Biden Proud To Be “First Black Woman Vice President”

Joe Biden has once again found himself in the spotlight for all the wrong reasons. During an interview on Thursday, the Commander-in-Chief made yet another headline-grabbing blunder, describing himself as the “first black woman to serve with a black president.” Biden’s verbal slip occurred during an Independence Day media blitz as he attempted to reassure voters following a disastrous debate performance.

Sitting down with host Andrea Lawful-Sanders, who probably did a double-take as Biden issued his peculiar proclamation, the president appeared to confuse his roles and identities in a sentence that twisted itself into knots. “By the way, I’m proud to be, as I said, the first vice president, first black woman, to serve with a black president,” he stated.

It seems Biden was trying to highlight his historic picks, such as Kamala Harris, the first Black woman vice president, and Ketanji Brown Jackson, the first Black woman appointed to the Supreme Court. Yet, in classic Biden fashion, his message got entangled in a web of words more complex than a political thriller plot.

This gaffe isn’t Biden’s first tango with the foot-in-mouth syndrome. Who could forget his recent “I was the first president that got elected statewide in the state of Delaware, when I was a kid”? It’s a statement as baffling as it is confusing, considering Biden never served as Delaware’s governor and certainly wasn’t elected as president during his youth.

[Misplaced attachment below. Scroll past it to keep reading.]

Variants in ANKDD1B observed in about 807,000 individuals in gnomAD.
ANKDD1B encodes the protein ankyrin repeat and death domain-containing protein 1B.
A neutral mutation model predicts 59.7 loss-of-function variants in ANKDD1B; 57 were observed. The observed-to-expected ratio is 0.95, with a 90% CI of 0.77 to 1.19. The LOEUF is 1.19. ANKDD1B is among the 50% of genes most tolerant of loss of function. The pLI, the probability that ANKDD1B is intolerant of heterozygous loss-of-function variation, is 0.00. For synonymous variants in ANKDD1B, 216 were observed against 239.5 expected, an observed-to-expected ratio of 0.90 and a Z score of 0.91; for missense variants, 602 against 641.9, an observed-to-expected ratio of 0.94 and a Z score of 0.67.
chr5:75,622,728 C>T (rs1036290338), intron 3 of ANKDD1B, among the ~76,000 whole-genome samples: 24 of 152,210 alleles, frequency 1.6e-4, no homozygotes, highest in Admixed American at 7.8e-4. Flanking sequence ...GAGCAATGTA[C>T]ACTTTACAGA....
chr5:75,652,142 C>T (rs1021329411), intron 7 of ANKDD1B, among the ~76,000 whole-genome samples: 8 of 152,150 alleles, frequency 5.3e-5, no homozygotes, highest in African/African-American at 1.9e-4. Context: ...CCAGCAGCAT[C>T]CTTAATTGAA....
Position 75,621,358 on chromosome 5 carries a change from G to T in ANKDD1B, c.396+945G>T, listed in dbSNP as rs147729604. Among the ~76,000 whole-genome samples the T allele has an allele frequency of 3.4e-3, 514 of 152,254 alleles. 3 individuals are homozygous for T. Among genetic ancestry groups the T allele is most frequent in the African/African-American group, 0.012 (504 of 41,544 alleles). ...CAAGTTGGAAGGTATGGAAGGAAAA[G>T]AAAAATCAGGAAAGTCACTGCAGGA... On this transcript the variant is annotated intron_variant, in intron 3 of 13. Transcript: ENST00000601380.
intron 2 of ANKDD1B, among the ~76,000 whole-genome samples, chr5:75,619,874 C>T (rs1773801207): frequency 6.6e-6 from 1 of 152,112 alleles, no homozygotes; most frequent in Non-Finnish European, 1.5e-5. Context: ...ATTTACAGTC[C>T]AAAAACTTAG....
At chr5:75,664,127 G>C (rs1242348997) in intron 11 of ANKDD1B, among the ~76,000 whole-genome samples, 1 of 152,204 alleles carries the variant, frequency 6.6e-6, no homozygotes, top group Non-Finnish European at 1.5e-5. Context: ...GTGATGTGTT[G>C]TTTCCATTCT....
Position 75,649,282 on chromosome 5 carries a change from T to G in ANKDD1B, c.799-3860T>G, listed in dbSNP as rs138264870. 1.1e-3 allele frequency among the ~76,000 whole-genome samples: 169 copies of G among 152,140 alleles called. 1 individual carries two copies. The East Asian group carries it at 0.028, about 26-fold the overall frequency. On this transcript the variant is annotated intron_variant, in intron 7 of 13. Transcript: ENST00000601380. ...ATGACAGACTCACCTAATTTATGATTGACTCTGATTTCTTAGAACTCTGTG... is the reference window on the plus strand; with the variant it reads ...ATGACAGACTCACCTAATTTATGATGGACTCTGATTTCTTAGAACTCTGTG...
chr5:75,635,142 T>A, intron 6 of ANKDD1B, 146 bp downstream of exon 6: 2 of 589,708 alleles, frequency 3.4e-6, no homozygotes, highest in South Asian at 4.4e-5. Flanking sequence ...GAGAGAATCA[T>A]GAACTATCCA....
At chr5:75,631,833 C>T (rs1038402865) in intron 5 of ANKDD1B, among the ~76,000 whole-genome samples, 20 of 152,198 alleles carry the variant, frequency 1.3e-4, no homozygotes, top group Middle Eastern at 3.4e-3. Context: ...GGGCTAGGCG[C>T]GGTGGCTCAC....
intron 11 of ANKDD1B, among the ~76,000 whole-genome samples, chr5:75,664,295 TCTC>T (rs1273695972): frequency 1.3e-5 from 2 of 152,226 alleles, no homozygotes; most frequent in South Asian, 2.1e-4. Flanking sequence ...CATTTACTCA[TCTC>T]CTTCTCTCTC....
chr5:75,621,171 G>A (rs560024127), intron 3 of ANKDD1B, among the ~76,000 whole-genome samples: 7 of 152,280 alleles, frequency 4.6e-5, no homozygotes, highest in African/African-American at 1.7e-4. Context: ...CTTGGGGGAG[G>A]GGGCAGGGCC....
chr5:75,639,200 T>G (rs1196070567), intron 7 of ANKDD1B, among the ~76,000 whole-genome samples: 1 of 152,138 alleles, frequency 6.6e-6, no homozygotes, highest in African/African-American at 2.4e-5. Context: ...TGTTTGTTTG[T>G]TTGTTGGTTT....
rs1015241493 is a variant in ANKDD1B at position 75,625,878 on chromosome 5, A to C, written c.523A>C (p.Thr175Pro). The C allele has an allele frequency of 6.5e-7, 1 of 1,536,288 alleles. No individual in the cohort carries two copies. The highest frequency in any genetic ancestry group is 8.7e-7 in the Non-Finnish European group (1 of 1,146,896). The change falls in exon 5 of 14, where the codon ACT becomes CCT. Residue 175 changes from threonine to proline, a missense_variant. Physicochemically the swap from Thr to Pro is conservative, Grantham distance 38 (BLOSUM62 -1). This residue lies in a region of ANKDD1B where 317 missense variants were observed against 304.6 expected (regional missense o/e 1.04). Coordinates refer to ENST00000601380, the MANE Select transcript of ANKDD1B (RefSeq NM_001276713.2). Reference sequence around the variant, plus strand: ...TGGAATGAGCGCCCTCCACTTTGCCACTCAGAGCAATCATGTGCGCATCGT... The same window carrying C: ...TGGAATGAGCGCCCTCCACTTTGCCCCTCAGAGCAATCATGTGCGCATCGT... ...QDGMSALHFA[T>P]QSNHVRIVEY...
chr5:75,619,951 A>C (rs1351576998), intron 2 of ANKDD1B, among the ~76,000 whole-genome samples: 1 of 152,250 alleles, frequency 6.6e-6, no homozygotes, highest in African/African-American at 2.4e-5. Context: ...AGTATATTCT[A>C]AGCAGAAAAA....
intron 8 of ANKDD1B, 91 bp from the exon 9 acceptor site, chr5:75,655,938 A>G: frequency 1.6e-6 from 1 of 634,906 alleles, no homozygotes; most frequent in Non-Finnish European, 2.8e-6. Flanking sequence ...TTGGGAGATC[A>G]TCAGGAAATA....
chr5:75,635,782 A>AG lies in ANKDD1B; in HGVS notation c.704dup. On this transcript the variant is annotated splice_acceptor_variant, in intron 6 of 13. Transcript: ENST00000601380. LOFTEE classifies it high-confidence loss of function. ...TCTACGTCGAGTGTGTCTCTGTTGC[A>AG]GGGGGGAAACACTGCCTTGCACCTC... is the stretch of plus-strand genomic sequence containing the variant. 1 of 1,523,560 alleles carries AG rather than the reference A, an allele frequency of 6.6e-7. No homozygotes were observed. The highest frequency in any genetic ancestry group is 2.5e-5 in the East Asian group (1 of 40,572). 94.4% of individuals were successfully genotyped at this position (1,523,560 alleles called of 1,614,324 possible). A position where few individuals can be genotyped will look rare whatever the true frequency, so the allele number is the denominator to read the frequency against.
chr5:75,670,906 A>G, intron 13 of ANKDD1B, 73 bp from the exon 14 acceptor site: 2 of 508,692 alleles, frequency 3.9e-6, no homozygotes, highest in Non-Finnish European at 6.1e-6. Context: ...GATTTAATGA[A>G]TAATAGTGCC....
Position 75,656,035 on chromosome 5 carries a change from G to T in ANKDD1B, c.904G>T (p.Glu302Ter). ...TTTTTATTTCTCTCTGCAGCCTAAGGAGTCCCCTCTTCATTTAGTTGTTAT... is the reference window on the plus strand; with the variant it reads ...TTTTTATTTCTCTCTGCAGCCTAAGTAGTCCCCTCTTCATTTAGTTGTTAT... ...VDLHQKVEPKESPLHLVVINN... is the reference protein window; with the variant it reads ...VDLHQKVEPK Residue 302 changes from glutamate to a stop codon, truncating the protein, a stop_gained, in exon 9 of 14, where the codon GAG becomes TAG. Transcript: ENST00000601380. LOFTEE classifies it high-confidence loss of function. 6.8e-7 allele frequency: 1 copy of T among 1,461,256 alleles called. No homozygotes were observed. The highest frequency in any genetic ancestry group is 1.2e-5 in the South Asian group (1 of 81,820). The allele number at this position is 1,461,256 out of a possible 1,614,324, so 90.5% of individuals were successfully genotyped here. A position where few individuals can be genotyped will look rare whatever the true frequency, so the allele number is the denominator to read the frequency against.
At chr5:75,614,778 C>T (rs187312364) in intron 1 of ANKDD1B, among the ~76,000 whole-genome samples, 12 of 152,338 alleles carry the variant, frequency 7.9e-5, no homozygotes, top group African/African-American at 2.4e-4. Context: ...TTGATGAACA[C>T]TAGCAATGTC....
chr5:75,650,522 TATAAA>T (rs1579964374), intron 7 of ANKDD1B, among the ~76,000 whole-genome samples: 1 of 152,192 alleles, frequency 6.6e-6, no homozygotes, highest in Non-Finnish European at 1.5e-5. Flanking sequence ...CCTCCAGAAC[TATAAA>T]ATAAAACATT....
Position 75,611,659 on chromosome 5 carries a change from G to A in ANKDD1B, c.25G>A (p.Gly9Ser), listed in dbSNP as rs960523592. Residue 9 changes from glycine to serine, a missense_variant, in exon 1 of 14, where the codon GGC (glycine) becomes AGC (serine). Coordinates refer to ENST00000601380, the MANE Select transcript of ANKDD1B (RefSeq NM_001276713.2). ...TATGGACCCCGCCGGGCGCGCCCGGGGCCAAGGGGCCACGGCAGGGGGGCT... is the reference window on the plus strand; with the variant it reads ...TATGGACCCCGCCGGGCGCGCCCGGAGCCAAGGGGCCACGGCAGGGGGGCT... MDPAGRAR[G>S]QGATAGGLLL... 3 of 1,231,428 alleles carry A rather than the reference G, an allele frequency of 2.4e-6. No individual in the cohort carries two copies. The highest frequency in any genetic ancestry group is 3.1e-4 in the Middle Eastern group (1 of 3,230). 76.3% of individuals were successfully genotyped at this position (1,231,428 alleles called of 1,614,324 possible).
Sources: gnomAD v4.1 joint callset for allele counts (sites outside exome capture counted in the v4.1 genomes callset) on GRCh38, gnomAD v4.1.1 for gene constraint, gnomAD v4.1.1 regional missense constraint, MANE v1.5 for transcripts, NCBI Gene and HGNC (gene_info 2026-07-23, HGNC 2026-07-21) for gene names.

The timing of Biden’s latest blunder couldn’t be worse. Coming off a rough debate performance, where he looked less like a seasoned statesman and more like a deer caught in the headlights, the gaffe only intensified concerns about his age and cognitive sharpness. Critics have seized on these moments, casting doubt on whether Biden is fit to lead.

Adding fuel to the fire, Biden’s campaign spokesperson, Ammar Moussa, quickly dismissed the media frenzy, arguing that the president’s speech pattern is perfectly normal for him and has been throughout his career. “What are we even doing anymore?” Moussa quipped, attempting to downplay an increasingly uneasy narrative around Biden’s suitability for another term.

As the election looms, Biden’s ability to navigate public appearances without such slip-ups will be under intense scrutiny. With opponents ready to pounce on every misstep, the stakes couldn’t be higher. For now, though, his latest gaffe serves as fodder for comedic relief and fodder for late-night talk shows.

So, as Biden continues his campaign trail, one thing is clear: In the unpredictable world of politics, sometimes the biggest headlines come from the smallest slip-ups.